The museum boasts a collection of 30,000 original pieces, of which only 18,000 are displayed to the public on a rotating basis. You can admire sarcophagi, statues, everyday objects from the Roman era and magnificent, perfectly preserved mosaics.

Van Gogh’s places in Arles

The history of Arles is strongly intertwined with that of a great figure of Impressionist painting, Vincent Van Gogh, who spent some years of his life in Provence before his illness consumed him for good.

It was in Arles that he painted some of his most famous works such as The Sunflowers, The Chair and The Café la nuit . Bewitched by the colours, light and landscapes of Provence, enchanted by the sunny fields surrounding the city, the Dutch artist unfortunately found no peace even in the company of his friend Paul Gauguin. His mental health deteriorated sharply, culminating in the episode of self-harm that led Van Gogh to cut off his ear and voluntarily recover first in Arles and then in Nimes.

Lovers of Van Gogh’s painting will be able to retrace the stages of his stay in Arles, visiting some of the picturesque corners that animated his most significant works. Unfortunately, of the 300 works that the artist painted in this corner of Provence, not a single one remains in the city.

Le Café Van Gogh

811 Pl. du Forum, 13200 Arles, Francia

Our tour of Van Gogh’s places can only begin here: the tormented Dutch painter loved this brightly coloured café overlooking Place du Forum, a typical and exquisite Provençal square shaded by large plane trees. In the centre of the square stands the statue of Frédéric Mistral, the French poet awarded the Nobel Prize in 1904.

It was at the tables of this café that Van Gogh quarrelled with his friend Paul Gauguin, throwing a glass at him. Here Van Gogh often sat, observing life around him and drawing inspiration. Indeed, he immortalised the outside of this café in the painting Café Terrace in the Open Air, and its interior at the time, desolate and lonely, in another painting, Café by Night.

Langlois Bridge

913200 Arles, Francia

On the outskirts of the city of Arles is another iconic glimpse of Van Gogh’s work, The Langlois Bridge, of which there are five versions, in which the artist played with variations of perspective, light and colour.

This small bridge was chosen by the artist for its naturalistic context. In fact, the view stood out for the intense blue of the sky and the yellow of the sun and the wheat fields: these elements reminded him of the resemblance to certain Japanese landscapes to which the artist was particularly attracted, although he had never been there. The influence of Japanese art and prints on Van Gogh was substantial and we find similarities with Ichiryusai Hiroshige’s Sudden Waterfall on the Ōhashi Bridge in Atake.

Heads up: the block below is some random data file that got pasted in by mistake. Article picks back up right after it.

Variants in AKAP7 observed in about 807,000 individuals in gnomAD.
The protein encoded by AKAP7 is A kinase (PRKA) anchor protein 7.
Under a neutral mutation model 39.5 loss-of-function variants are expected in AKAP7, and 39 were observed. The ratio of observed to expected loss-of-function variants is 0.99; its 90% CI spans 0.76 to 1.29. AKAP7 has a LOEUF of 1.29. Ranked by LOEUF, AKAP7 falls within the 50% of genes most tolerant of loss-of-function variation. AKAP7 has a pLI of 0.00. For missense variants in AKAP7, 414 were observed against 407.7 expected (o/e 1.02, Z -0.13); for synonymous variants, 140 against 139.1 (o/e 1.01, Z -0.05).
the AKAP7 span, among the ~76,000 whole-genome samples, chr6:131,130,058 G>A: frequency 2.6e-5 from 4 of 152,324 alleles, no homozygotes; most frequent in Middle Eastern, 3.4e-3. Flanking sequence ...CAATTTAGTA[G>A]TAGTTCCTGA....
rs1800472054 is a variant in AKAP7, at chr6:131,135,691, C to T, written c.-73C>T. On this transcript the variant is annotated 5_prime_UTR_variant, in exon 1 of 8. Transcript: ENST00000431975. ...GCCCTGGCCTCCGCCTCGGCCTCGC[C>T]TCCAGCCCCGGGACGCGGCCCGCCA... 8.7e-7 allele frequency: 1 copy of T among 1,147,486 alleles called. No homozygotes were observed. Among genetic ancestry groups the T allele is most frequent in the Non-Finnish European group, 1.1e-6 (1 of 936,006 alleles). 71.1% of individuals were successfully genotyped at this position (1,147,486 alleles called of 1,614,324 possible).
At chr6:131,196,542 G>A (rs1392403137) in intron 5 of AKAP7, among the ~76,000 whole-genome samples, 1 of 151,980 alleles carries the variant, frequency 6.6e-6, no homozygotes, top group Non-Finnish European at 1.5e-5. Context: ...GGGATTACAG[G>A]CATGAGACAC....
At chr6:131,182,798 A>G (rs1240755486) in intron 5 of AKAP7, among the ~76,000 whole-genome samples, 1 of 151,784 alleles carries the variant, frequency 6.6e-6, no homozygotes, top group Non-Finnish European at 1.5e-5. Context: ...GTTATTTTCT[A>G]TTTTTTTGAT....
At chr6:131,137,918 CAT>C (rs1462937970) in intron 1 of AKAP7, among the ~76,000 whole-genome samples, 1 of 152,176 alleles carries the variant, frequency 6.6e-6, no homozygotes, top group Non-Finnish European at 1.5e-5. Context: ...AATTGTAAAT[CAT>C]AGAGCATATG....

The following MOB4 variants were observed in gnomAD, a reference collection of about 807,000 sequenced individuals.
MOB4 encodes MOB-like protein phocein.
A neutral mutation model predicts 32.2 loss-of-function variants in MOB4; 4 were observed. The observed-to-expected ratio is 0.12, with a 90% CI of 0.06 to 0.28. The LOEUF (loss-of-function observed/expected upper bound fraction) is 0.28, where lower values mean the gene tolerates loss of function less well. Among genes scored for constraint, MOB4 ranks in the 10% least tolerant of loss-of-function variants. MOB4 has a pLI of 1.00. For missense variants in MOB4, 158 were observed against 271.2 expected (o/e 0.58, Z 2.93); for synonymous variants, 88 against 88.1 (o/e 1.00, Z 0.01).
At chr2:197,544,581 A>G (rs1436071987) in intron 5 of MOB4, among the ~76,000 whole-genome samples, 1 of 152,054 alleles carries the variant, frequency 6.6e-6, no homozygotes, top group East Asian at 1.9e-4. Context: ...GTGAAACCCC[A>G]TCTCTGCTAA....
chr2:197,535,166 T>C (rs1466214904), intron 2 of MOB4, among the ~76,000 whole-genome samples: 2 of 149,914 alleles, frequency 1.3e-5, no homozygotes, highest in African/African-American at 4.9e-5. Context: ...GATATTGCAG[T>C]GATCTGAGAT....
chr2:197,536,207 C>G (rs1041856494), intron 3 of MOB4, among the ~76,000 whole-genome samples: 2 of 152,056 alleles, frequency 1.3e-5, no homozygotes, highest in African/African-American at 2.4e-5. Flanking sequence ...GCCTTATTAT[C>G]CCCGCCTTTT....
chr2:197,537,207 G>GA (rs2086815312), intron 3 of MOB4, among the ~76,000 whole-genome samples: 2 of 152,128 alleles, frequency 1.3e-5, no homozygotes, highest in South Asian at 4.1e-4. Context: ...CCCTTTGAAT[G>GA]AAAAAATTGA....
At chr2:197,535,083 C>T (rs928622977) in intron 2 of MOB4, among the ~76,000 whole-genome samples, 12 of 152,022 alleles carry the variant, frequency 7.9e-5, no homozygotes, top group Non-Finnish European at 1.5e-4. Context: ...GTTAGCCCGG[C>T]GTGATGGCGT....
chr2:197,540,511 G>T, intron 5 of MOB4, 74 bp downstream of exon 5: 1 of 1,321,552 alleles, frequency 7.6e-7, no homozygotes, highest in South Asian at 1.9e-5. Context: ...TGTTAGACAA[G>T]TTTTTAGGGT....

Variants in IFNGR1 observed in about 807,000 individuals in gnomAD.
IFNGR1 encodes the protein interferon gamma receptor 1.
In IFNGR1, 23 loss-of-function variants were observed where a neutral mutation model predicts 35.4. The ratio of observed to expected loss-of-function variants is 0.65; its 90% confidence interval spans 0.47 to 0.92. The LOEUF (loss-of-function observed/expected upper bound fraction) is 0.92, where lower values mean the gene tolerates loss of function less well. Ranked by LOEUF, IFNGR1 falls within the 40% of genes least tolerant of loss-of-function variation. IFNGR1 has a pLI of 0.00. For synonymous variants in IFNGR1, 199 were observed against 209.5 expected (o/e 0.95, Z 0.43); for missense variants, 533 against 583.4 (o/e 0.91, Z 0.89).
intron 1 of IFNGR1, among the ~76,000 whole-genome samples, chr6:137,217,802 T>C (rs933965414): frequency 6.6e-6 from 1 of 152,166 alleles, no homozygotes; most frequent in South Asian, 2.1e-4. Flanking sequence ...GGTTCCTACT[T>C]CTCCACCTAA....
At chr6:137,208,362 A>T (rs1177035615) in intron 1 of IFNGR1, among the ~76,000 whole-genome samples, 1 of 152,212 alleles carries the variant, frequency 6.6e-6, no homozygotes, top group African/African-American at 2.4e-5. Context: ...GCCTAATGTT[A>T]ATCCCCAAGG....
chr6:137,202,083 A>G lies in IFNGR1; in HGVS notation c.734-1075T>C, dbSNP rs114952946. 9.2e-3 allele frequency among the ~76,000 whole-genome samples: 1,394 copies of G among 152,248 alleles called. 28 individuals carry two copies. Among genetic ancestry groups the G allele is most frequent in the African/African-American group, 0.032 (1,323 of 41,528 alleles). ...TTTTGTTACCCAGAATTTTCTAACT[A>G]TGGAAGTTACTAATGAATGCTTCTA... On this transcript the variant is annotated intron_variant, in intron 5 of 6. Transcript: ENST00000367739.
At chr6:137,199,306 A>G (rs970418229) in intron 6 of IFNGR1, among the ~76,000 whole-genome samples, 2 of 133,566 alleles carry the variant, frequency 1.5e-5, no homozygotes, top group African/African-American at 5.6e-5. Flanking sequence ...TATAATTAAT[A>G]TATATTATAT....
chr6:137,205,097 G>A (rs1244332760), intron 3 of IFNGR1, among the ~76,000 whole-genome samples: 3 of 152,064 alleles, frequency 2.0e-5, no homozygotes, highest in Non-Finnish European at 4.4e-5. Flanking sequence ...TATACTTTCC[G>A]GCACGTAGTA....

For restoration purposes, the bridge was moved after the Second World War, 3 km away from the original exact spot, and today stands on the canal that connects Arles to Port-de-Bouc. Be warned that it is rather difficult to find: it is best to ask the tourist office for detailed information on the exact spot.

Place Lamartine

10Pl. Lamartine, 13200 Arles, Francia

A lilac house, once painted yellow, overlooks this square. This building was immortalised by Van Gogh in the painting The Yellow House: it was here that he lived, sharing the rent with his friend Paul Gauguin, and inside was Vincent’s famous Room in Arles, one of his most significant works.

Trinquetaille Bridge on the River Rhône

11Pont de Trinquetaille, 13200 Arles, Francia

It was from this very spot that Van Gogh painted one of his most striking pictures, Starry Night on the Rhone .

During his nocturnal walks, he came across this view of the Rhone River. From that moment on, a long creative process began, leading to the production of several versions of the same subject and numerous sketches that he sent to his brother Théo. In this sublime painting, one can see how the painter used colours, perspective and starlight to translate into images all his emotional turmoil and passions that he could not manage rationally.

The banks of the Rhône are a magical place at sunset: it is really a must to stroll unhurriedly under the slowly fading street lamps and choose one of the many small restaurants to dine.

Espace Van Gogh

12Pl. Félix Rey, 13200 Arles, Francia

It used to be called Hôtel-Dieu and was the main hospital in Arles, where Van Gogh was hospitalised between December 1888 and May 1889, after having his ear cut off. During his stay, the painter never stopped his painting and immortalised the interior gardens of the building in The Courtyard of the Hospital of Arles.

In the 1990s, the complex was transformed into a city cultural space and since then the inner courtyard has been open to the public.


13Av. des Alyscamps, 13200 Arles, Francia

This large, ancient Roman necropolis called The Elysian Fields was a burial place in the time of the Gauls and Romans first and later in the Middle Ages.

It was a fixed stop for pilgrims on their way to Santiago de Compostela and was considered one of the most sacred places in all of Europe. Its decay and ruin began when monks began to reuse the marble from the tombs and tombstones to build new churches and holy places, giving rise to real plundering.

However, this large complex comprising the Avenue of the Sarcophagi and the Church of Saint Honorat has retained a decadent and melancholic charm, in which the symbols of death and nature coexist sadly. Its evocative appearance could not fail to attract Van Gogh, who used to go to these places to meditate in autumn, at nature’s most recollected time. From these walks came Les Alyscamps, a painting from 1888.


In the following map you can see the location of the main places of interest mentioned in this article

Arles City Pass

For those wishing to make an in-depth visit to the city, it may be worth purchasing the Arles City Pass, available in two versions.

The Advantage Pass is valid for 6 months and includes access to the Amphitheatre, the Alyscamps, the Saint-Trophime cloister, the thermal baths of Constantine, the ancient theatre, the cryptoporticos, the Réattu Museum, the Museum of Ancient Arles, and the Camargue Museum.